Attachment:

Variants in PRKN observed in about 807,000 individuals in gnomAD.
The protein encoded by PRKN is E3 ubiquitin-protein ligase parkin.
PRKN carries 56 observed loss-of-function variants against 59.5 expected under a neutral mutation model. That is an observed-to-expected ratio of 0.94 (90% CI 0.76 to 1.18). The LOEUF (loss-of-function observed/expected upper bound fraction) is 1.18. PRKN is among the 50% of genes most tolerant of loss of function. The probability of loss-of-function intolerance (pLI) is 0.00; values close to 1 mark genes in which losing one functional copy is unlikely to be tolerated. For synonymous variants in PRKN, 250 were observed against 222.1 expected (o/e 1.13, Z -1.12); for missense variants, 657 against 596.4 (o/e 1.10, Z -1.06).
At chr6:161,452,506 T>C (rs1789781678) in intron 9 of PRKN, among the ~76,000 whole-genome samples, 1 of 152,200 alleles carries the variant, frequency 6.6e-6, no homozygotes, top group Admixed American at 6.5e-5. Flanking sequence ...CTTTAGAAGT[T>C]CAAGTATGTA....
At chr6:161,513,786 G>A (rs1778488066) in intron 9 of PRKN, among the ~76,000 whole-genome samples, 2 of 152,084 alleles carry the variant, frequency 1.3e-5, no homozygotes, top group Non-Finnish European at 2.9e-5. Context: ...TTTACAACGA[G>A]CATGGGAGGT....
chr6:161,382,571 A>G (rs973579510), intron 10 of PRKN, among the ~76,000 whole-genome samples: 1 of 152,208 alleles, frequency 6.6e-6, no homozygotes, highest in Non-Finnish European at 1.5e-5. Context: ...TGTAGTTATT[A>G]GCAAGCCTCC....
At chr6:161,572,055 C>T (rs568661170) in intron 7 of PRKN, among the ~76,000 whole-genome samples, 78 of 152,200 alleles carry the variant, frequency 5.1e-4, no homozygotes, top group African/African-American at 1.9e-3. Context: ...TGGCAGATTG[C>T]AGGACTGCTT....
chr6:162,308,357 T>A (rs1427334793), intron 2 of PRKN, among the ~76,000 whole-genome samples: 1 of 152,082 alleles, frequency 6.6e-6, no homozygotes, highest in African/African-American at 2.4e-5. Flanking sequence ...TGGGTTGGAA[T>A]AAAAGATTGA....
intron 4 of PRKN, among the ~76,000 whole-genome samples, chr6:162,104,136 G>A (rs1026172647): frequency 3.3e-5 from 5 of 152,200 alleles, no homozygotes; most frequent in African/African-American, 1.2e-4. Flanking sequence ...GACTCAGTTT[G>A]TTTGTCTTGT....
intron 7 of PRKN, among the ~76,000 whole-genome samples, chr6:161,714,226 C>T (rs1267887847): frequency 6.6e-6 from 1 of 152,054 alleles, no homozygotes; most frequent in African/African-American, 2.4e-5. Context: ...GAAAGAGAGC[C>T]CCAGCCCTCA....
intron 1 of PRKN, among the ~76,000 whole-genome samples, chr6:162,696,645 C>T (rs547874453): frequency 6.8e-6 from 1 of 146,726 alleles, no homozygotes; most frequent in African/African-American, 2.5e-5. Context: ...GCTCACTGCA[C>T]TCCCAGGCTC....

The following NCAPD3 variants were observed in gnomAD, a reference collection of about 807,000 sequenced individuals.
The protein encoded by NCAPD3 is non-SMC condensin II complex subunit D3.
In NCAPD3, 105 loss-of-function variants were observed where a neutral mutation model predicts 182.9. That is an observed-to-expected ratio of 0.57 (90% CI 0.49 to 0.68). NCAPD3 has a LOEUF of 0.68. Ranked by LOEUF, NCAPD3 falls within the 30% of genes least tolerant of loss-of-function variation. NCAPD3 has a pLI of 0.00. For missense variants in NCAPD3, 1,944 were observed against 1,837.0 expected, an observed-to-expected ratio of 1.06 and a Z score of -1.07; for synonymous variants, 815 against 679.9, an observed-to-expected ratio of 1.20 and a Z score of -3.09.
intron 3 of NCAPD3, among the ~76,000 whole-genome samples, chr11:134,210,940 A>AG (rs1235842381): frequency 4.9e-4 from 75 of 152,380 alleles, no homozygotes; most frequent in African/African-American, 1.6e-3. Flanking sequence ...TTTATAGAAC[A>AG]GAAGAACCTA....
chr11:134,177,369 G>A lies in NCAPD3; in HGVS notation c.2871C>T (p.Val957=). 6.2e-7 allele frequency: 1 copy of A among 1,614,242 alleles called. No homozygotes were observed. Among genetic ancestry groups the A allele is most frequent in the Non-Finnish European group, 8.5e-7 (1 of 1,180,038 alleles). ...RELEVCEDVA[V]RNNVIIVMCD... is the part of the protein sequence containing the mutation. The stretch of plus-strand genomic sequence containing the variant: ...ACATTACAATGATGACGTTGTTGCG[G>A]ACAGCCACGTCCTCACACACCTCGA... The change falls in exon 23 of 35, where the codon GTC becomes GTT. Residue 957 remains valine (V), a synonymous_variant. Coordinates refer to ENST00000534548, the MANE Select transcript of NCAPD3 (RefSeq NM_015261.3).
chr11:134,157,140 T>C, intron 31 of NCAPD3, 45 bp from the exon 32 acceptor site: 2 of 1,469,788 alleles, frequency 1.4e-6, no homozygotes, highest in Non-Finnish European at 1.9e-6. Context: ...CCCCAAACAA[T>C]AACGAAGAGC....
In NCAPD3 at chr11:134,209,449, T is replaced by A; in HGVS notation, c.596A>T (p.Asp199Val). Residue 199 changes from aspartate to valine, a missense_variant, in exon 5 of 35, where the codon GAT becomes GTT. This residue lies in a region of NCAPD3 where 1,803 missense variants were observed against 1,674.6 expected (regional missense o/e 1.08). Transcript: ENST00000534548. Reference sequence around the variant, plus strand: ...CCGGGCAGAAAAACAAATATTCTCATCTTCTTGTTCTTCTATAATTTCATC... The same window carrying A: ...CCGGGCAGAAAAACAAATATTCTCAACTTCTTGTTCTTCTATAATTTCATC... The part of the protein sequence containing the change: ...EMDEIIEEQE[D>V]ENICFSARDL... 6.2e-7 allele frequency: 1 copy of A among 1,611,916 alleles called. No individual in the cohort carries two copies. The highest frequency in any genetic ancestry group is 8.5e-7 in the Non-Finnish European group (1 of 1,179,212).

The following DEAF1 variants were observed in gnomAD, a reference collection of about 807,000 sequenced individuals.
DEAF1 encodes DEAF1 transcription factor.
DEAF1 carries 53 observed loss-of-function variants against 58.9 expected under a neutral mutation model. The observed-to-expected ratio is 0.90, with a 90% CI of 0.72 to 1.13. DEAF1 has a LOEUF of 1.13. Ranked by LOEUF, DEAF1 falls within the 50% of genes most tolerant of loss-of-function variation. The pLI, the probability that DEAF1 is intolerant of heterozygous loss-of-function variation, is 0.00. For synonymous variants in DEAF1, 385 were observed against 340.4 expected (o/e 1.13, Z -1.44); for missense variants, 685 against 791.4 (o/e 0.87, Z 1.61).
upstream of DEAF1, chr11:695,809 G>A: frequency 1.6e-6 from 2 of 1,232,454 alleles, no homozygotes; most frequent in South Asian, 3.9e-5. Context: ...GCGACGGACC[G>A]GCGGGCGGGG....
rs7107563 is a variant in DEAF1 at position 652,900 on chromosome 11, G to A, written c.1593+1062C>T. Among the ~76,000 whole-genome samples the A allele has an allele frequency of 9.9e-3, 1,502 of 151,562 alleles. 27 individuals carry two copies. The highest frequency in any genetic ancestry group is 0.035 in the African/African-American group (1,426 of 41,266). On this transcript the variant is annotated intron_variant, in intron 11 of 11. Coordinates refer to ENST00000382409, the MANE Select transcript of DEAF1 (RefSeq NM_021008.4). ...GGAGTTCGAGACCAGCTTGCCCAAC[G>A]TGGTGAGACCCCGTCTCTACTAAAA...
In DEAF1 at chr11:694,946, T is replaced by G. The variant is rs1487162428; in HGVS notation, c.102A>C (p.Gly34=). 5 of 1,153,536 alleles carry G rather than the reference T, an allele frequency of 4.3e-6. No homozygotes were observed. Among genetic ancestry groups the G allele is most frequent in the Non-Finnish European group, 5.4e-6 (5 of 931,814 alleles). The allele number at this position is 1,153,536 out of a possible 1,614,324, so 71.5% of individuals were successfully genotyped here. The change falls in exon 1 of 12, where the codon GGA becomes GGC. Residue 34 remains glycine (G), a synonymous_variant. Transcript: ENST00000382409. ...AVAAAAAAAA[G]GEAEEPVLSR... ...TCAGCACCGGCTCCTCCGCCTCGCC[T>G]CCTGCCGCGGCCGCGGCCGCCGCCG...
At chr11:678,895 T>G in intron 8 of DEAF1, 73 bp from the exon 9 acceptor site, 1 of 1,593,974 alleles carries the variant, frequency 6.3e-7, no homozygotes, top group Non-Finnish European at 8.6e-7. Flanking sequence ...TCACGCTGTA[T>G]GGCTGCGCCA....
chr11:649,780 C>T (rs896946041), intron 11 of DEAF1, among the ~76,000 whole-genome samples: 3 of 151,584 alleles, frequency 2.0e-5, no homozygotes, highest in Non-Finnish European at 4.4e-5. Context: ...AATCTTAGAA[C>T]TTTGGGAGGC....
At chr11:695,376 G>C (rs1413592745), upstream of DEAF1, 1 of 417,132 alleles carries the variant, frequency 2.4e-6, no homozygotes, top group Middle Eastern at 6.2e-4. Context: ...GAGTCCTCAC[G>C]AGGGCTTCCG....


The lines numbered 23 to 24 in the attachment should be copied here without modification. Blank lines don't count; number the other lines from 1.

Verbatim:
rs7107563 is a variant in DEAF1 at position 652,900 on chromosome 11, G to A, written c.1593+1062C>T. Among the ~76,000 whole-genome samples the A allele has an allele frequency of 9.9e-3, 1,502 of 151,562 alleles. 27 individuals carry two copies. The highest frequency in any genetic ancestry group is 0.035 in the African/African-American group (1,426 of 41,266). On this transcript the variant is annotated intron_variant, in intron 11 of 11. Coordinates refer to ENST00000382409, the MANE Select transcript of DEAF1 (RefSeq NM_021008.4). ...GGAGTTCGAGACCAGCTTGCCCAAC[G>A]TGGTGAGACCCCGTCTCTACTAAAA...
In DEAF1 at chr11:694,946, T is replaced by G. The variant is rs1487162428; in HGVS notation, c.102A>C (p.Gly34=). 5 of 1,153,536 alleles carry G rather than the reference T, an allele frequency of 4.3e-6. No homozygotes were observed. Among genetic ancestry groups the G allele is most frequent in the Non-Finnish European group, 5.4e-6 (5 of 931,814 alleles). The allele number at this position is 1,153,536 out of a possible 1,614,324, so 71.5% of individuals were successfully genotyped here. The change falls in exon 1 of 12, where the codon GGA becomes GGC. Residue 34 remains glycine (G), a synonymous_variant. Transcript: ENST00000382409. ...AVAAAAAAAA[G]GEAEEPVLSR... ...TCAGCACCGGCTCCTCCGCCTCGCC[T>G]CCTGCCGCGGCCGCGGCCGCCGCCG...